With compute infrastructures being monitored quite closely these days, many events and alerts are created and collected at all times. While individual events and alerts are of course important, it is often hard to understand a more complex attack operation in the sense of seeing the bigger picture from the detailed events. We lately have experimented to see how one could possibly find the storyline of an attack operation by abstracting from the details with the help of MITRE tags. The MITRE ATT&CK® framework defines a “globally-accessible knowledge base of adversary tactics and techniques based on real-world observations”, i.e., describes the different kinds of possible attack steps in a systematic way. For each of the documented techniques/sub-techniques the MITRE ATT&CK includes textual context, examples, ways of mitigations and detections and references. These techniques are in turn structured into a set of 14 high-level tactics, like reconnaissance, initial access, privileged escalation etc - and we try to use these MITRE tactics as the high-level abstraction in our experiment. Very interesting is in this context that MITRE tags are independent from any particular tool, it is therefore easy to fuse alerts generated by different monitoring tools on that level.
For testing we have set up a small environment with Linux and Windows VMs together with monitoring components (SysFlow, Symon/Sigma rules/ElastAlert, Snort). While using the intentionally vulnerable OWASP Juice Shop as the main attack surface, we created a multi-stage attack scenario involving reconnaissance operations, attacking the web shop, defacement, data exfiltration, lateral movement and backdoor installation - and collect the alerts from the monitoring components while running this scripted attack. The collected alerts are mapped via their MITRE tags to a time-series of high-level MITRE tactics with the goal to see whether this approach can be helpful to gain an overview and higher-level understanding of the storyline and attack goals.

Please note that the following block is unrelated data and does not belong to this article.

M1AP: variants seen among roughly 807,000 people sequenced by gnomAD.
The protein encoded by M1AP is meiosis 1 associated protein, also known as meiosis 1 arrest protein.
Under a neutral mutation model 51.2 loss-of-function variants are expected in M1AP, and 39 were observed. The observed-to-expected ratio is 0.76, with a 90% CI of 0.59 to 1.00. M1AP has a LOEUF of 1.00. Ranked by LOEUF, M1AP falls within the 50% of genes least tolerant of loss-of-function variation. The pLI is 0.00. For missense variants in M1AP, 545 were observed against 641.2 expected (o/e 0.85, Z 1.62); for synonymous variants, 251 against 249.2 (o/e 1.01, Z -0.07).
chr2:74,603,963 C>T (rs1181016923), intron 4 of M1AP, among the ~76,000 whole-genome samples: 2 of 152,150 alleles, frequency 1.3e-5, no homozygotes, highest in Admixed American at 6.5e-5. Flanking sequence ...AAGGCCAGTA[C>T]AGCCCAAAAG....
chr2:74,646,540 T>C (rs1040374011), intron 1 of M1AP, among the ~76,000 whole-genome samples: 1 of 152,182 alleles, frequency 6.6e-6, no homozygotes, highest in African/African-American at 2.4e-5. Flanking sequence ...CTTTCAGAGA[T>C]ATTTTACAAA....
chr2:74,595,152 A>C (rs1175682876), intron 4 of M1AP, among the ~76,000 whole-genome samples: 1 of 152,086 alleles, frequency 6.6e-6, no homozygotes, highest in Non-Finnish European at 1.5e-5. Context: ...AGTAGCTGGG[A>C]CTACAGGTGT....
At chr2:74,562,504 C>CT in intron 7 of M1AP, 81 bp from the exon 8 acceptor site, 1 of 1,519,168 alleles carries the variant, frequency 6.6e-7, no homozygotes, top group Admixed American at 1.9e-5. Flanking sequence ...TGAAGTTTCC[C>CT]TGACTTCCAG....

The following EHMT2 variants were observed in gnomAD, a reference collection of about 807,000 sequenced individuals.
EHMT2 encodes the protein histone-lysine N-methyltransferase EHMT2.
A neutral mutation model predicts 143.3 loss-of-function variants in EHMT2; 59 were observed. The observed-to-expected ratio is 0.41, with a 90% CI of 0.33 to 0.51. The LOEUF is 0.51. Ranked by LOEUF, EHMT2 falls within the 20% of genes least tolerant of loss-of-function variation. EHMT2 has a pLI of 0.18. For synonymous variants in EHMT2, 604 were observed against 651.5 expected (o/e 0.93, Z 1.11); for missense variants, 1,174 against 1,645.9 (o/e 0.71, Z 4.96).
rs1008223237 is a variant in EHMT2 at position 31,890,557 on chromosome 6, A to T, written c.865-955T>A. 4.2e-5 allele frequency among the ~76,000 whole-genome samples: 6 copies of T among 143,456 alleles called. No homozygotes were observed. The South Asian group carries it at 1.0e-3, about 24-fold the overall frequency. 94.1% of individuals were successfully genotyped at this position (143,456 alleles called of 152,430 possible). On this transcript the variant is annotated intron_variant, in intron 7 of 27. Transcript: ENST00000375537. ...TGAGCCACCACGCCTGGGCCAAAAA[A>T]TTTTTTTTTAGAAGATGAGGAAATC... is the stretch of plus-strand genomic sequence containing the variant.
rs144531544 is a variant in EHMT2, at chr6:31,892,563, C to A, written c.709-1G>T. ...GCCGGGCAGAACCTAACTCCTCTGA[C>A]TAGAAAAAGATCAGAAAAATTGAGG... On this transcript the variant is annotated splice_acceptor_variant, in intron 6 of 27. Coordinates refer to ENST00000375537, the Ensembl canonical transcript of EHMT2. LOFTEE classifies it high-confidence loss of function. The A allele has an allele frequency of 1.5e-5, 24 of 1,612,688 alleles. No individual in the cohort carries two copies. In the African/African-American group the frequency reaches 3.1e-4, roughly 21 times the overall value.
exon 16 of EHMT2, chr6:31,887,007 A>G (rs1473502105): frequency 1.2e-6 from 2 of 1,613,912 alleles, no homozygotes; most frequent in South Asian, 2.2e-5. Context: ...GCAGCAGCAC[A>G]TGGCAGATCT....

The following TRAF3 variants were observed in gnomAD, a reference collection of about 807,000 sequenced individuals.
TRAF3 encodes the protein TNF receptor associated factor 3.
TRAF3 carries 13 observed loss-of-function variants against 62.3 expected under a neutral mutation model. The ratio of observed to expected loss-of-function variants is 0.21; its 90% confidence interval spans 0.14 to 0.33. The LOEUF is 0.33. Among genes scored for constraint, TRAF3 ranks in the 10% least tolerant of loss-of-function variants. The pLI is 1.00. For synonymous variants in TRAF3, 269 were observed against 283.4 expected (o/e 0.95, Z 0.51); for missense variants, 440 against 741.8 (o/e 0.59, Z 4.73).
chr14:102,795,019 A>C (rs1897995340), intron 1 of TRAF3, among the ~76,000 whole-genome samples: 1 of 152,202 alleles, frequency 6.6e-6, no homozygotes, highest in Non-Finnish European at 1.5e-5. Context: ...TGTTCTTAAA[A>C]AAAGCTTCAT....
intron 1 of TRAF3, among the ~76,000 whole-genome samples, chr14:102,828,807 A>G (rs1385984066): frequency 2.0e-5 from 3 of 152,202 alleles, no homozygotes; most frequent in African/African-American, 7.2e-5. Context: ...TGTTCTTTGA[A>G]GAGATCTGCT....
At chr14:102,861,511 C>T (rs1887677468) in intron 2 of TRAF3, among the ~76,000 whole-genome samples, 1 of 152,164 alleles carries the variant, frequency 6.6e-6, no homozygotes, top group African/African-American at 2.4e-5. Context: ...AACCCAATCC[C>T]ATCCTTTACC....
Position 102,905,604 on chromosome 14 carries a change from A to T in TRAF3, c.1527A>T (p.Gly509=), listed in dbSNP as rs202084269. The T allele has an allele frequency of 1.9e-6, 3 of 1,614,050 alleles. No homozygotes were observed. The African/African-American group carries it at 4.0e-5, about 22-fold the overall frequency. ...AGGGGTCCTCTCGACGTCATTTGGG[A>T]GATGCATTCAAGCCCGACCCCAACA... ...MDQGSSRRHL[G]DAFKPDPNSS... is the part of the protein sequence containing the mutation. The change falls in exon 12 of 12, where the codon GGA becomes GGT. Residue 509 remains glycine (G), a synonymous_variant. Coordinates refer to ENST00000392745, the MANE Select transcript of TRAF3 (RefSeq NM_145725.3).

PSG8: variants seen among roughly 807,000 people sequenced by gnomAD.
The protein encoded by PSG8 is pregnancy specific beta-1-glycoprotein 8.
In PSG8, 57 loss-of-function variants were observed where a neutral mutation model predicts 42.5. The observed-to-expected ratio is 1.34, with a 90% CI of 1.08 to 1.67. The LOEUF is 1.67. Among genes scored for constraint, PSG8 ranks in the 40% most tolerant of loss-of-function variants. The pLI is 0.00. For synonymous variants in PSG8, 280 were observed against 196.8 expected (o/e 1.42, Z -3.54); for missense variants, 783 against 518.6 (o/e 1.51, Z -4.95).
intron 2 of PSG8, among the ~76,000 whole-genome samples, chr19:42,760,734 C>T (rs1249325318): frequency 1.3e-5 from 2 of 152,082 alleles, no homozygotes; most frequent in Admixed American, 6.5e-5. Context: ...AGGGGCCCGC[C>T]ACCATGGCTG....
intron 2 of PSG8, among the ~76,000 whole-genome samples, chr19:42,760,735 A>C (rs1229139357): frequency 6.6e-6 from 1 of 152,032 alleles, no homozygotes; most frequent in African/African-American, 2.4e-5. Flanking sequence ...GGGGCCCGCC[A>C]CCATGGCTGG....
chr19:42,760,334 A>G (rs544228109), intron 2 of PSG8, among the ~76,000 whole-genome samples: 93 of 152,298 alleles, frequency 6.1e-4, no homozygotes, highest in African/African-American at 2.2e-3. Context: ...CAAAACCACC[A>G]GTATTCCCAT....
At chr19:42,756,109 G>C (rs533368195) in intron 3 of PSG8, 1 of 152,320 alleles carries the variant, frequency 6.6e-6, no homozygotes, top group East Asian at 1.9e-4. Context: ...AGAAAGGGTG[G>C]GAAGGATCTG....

The following figure shows the timeline for the attack with marker symbols representing the collected alerts and the MITRE tactic derived from the tags (vertical axis), together with annotations from the log of our scripted attack as our ground truth to compare (annotated vertical lines).
The marker symbols tell a story of an attack starting with discovery steps, progressing to access and execution, with a potential privilege escalation. We also find in the later phase some failed attempts to log into a database followed by a large data transfer - indicating a potential successful break-in with data exfiltration. Another round of discovery operations precedes more alerts with a similar sequence of access-escalation-execution and alerts tagged as lateral movement and persistence.
Comparing this with the ground truth data from our knowledge of the scripted attack shows that many steps as well as the overall progression of the attack are nicely reflected in the alerts and the associated MITRE tactics. Of course not all steps of the attack leave traces in the alerts, nor do we understand from this view alone what is going on in detail, but we could imagine this as a complementary view ideally making the larger context visible beyond the details of all alerts, triggering follow-up investigations (e.g., here what the attacker was later doing with the user account he was able to create).
Please have a look at the details of this approach in the Jupyter notebook - which you also can take as starting point for your own experiments.
This is work-in-progress - more work will be required to evaluate this approach with more attacks in more complex environments, but have a look and let us know if you find this promising and interesting to pursue!